Ex-San Franciscan advises new Israelis on buying real estate

HAIFA — In 1890, when Sol Solmonson was a real estate agent in San Francisco, little could he ever have imagined that a great-grandson of his would one day be following the same occupation in Israel's Haifa.

He was no doubt proud that his own son, Julian Solmonson, was a licensed real estate broker in San Francisco from the early 1920s until about 1950. But he never could have suspected that a family scion, Jim Bennett, would become successfully engaged in the same field far away and two generations later.

This information emerged quite by chance during an interview with Bennett to get the lowdown on current trends in Israel real estate. The lead question was, "Why are homes so expensive in Israel?" The information was forthcoming.

Last year, the real estate market in Israel reached the peak of a boom in which prices more than doubled. Today, buyers are in a position almost to dictate prices. By next year a shortage of homes will again be evident and prices will zoom once again. Following that, expect prices to drop.

These are the views expressed by Bennett, a former San Franciscan and prominent Haifa real estate broker, and his sentiments are echoed by all informed observers.

The massive Russian immigration of the past decade fueled an enormous chain-reaction demand for homes. With the help of government grants and mortgages, and their own slowly accumulating savings, the new immigrants were able to purchase old and in many cases rundown flats cheaply. The former occupants were thus enabled to improve their status and move into more desirable neighborhoods, with a consequent upward shift from there. With minimum unemployment, the population move continued, and the constant demand affected prices.

Building contractors recognized the opportunities, borrowed money and began construction on tens of thousands of homes and apartment houses that can be seen today sprouting all over the country. However, potential supply soon exceeded demand, with inevitable results.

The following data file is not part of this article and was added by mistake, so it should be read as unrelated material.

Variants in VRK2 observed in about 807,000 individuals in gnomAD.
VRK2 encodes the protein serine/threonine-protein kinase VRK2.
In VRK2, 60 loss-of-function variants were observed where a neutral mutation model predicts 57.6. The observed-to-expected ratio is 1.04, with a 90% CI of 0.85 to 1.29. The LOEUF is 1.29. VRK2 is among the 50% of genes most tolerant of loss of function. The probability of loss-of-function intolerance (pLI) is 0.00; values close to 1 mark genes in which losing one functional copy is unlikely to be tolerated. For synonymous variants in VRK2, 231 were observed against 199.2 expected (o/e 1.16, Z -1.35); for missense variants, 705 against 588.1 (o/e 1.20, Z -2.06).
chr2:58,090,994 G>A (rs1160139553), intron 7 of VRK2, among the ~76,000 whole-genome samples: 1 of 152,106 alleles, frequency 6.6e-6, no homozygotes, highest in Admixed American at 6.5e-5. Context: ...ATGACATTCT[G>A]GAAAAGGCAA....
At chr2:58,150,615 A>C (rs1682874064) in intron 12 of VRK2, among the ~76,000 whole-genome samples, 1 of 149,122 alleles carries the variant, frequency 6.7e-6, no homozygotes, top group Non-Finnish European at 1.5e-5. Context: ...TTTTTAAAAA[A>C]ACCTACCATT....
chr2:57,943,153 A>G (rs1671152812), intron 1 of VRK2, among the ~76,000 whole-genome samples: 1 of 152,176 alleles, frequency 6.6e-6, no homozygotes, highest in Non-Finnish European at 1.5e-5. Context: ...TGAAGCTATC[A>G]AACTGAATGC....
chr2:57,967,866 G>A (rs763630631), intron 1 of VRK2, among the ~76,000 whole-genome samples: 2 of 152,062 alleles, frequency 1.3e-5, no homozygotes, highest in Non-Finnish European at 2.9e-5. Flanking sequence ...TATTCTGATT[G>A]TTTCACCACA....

Furthermore, fearful of inflation, the Bank of Israel kept interest rates high and contractors ran out of operating capital.

That is the current situation. With relatively few new building starts in recent months, builders seek to unload the surplus on their hands. Thousands of apartments are on the market, awaiting buyers.

Modi'in, for example, a new community located halfway between Jerusalem and Tel Aviv, is due to become a major metropolis. But at the moment there is little movement there and new homes stand empty.

Bennett, who is fluent in English and Hebrew, has words of advice for potential buyers: Shop around, and don't hesitate to bargain. As much as 10 or 15 percent may be knocked off asking prices in the present market, he says.

Values are also based on location; the most expensive flats are located in Jerusalem and North Tel Aviv, with Herzliya and Netanya close behind.

However all that is due to change in the next year or so. As the surplus on hand is disposed of, as immigration continues and population rises, demand will again propel prices upward. Such demand comes not only from Israelis seeking homes, but from Jews abroad as well, many of whom seek to acquire a flat in Israel, either for sentimental reasons or as an investment.

As for rental apartments, the rent that people are willing to pay is so low that it would return barely 3 percent on an investment. Banks pay more on savings accounts. And so, no one builds for rental.

Bennett, who has family in the Bay Area, including sister Nancy in Petaluma, moved to Israel in 1967 with his wife, in the aftermath of the Six-Day War. They went first to a kibbutz, but decided that was not the life for them. He was employed in the public relations department of the Technion, was a shaliach (emissary) overseas, and during a stint in the aliyah office in New York, where he advised new immigrants on problems and opportunities in housing, he decided to enter that field professionally.

A good real estate agent in Israel not only serves as the broker to bring buyer and seller together, but is also the source of information and advice on technical, legal and financial aspects.

So why are homes so expensive in Israel? For one thing, the government controls most of the land. If more land were released for construction, it could bring prices down. But basically this is the economic law of supply and demand. So long as there is demand, prices will remain high.

His most difficult clients are university people, scientists, the highly educated. They study all options, take measurements, defer decisions and by then the flat they want is sold.

The best buyers are what he calls the common man, perhaps the owner of a small store or a vegetable stand, who has saved up his money. He will not seek to do a doctorate on the subject. He will look at one or two homes, then take decisive action.